Celebrating 10 years of SMC
To mark a decade of the Science Media Centre's operation, director Dacia Herbulock reflects on ten years.
In July 2008, a small team with a big mission launched from a back room in the Royal Society’s heritage premises.
We were tasked with improving the depth, breadth and quality of science coverage in the New Zealand media. We wanted to go further and set the agenda, offering news leads across the full spectrum of science-related issues: environment, technology, agriculture, innovation, health, social policy. We needed to be useful as a first port-of-call for busy journalists with no special attachment to science.
We were nimble. We were driven. We learned from our mistakes.
Over the years, we carved out a reputation based on responsiveness to the media’s changing needs, a solid understanding of complex issues and scientists’ perspectives, and effectiveness at bridging this divide.
We are deeply humbled by the enthusiastic expressions of support we’ve received on marking this important milestone. As the voices in the video below demonstrate, the Science Media Centre has established itself as an independent, trusted and essential resource for media and research organisations alike. Our thanks go out to the thousands of individuals whose contributions of time, goodwill and energy have made this possible.
This decade has been a time of enormous change for the media, for researchers and for society. Against this backdrop, the Science Media Centre has a more essential role to play than ever, championing public discussion that is grounded in evidence and fostering respectful, informed engagement from scientists on issues that matter.
We look forward to confronting new challenges in the decade ahead.
Founding director Peter Griffin has also reflected on the SMC's first decade on Sciblogs, alongside Te Pūnaha Matatini director Professor Shaun Hendy.
Quoted: The Spinoff
"The Impossible Burger is one company’s response to the fact that we simply can’t afford to continue feeding the world’s growing population using our current land-hungry, water-thirsty, pollution-heavy and extinction-inducing ways of producing food."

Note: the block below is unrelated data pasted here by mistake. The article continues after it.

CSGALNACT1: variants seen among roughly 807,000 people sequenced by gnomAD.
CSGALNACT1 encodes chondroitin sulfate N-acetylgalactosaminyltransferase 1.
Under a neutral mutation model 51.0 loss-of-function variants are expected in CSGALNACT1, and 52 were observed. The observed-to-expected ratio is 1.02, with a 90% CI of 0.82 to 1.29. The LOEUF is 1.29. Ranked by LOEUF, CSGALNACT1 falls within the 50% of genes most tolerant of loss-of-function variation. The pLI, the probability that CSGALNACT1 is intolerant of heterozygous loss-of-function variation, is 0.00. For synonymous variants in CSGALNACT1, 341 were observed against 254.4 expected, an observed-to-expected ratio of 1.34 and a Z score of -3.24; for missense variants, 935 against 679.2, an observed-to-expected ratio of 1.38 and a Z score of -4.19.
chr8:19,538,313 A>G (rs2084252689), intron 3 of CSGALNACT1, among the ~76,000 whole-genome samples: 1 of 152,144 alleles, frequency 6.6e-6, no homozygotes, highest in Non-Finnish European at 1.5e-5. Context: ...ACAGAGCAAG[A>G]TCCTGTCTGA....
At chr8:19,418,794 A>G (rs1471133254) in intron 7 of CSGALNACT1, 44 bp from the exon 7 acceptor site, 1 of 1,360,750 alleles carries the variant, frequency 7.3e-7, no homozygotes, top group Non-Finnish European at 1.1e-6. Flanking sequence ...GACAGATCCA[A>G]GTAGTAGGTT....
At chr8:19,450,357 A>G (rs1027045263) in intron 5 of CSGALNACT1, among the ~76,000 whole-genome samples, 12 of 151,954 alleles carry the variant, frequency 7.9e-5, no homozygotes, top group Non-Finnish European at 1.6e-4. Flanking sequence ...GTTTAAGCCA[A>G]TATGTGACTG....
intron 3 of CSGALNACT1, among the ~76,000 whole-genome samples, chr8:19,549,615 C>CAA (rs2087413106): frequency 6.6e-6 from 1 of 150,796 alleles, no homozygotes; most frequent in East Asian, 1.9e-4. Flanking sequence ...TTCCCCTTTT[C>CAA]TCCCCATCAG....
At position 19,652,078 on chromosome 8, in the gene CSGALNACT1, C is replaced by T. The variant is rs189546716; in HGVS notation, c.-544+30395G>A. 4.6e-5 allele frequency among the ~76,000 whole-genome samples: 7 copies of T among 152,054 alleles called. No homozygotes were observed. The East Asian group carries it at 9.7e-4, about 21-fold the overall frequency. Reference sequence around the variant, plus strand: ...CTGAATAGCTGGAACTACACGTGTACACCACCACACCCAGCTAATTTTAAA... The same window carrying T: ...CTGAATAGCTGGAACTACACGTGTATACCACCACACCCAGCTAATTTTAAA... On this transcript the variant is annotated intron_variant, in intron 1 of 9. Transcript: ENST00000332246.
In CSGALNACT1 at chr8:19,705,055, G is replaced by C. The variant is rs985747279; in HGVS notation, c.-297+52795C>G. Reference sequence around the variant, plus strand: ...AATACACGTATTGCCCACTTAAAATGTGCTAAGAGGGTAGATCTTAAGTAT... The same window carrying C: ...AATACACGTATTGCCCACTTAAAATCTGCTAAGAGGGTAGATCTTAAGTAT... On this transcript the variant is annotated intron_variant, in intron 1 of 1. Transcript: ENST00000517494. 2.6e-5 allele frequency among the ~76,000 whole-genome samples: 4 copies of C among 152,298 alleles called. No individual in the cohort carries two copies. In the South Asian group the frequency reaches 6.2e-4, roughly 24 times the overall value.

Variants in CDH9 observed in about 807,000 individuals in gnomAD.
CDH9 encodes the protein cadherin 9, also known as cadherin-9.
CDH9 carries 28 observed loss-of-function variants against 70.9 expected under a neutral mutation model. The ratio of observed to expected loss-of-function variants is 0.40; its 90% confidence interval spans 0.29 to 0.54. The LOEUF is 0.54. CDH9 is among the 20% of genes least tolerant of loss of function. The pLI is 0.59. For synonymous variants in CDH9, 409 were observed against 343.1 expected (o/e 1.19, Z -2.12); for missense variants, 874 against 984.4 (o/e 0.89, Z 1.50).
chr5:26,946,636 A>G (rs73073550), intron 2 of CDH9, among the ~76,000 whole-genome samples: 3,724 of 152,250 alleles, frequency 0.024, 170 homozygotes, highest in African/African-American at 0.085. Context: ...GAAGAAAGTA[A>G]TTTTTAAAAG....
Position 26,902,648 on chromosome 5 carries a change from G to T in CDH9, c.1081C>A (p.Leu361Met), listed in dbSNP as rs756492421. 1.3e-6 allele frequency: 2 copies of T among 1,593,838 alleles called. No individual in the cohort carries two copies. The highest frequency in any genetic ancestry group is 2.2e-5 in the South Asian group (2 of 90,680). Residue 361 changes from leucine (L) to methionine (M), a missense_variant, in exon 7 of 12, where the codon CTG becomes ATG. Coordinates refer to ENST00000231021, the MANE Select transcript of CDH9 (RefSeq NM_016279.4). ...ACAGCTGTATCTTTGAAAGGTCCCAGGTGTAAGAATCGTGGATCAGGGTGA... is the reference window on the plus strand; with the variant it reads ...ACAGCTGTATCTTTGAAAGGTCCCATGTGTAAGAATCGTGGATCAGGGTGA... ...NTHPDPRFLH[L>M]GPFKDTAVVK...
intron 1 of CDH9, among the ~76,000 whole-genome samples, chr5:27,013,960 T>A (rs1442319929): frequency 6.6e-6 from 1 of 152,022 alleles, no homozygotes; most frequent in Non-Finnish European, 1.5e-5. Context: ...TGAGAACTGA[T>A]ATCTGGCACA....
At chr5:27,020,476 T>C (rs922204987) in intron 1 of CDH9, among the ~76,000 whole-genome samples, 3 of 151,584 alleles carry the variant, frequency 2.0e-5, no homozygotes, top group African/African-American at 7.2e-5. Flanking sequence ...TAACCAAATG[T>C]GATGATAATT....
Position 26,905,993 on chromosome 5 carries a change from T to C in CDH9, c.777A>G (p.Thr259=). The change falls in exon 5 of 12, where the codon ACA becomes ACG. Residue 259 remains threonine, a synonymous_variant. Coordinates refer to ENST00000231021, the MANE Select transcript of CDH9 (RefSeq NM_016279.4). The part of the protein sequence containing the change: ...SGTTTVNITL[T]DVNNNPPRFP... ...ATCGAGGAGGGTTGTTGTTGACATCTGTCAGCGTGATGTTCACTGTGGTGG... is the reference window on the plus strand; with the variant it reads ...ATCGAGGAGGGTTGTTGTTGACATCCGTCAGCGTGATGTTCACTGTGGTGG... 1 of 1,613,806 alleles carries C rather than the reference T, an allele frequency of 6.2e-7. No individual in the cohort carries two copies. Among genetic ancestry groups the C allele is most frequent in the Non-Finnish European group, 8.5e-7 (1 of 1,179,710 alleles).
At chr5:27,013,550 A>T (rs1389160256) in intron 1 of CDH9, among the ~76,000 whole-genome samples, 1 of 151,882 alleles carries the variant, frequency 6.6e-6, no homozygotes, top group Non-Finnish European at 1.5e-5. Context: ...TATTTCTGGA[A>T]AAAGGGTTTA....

University of Auckland microbiologist Dr Siouxsie Wiles
on reaction to the meat-free burger Air New Zealand is trialling.
Fresh-look website, timeline
To celebrate our anniversary, we've unveiled a new look to our website, including an interactive timeline of a decade in science media.
Our old website has been around since before the SMC was officially launched, so it's done well to hang on this long. However, a new decade felt like a good time for a facelift.
We've also created an interactive timeline reflecting on some of the major science stories from the past ten years and those where the SMC has played a role in helping media coverage. Check out the timeline here.
We've also put together a video with reflections from some of the journalists and scientists we've worked with over the years. Click below to watch the video:
Policy news & developments
Flu vaccine uptake: More than 1.29 million Kiwis have had an influenza immunisation this season, which is already the highest number of any year.
President-elect of ISC: Sir Peter Gluckman has been elected to the position of President-elect of the newly formed International Science Council at its inaugural meeting in Paris.
Drinking water safety: The Government will amend the Health Act to allow for improvements to drinking water safety.
Possible Unitec commissioner:
The Tertiary Education Commission has opened consultation on
the possibility of dissolving Unitec's council and
appointing a commissioner.
This week on the NZ Conversation.
New gene transfer rules could help prevent
spread of antibiotic
Heather Hendrickson, Massey University
Why Trump’s liberal demolition job and
authoritarian outreach is about
Reuben Steff, University of Waikato
See more NZ-authored Conversation articles.
We're holding two 2-day Science Media SAVVY training workshops in Auckland in September.
• Sept 3-4 – Media SAVVY for Māori researchers
• Sept 6-7 – Science Media SAVVY
These highly-acclaimed workshops offer researchers first-hand insight into the workings of news and social media, as well as hands-on, practical exercises to improve communication.
Our experienced facilitators provide a supportive environment for researchers to consider their work from different perspectives and find new ways to describe the value of their research to the public.
Ideally suited for researchers with previous media experience seeking further development of their skills, as well as beginners anticipating media interest in thei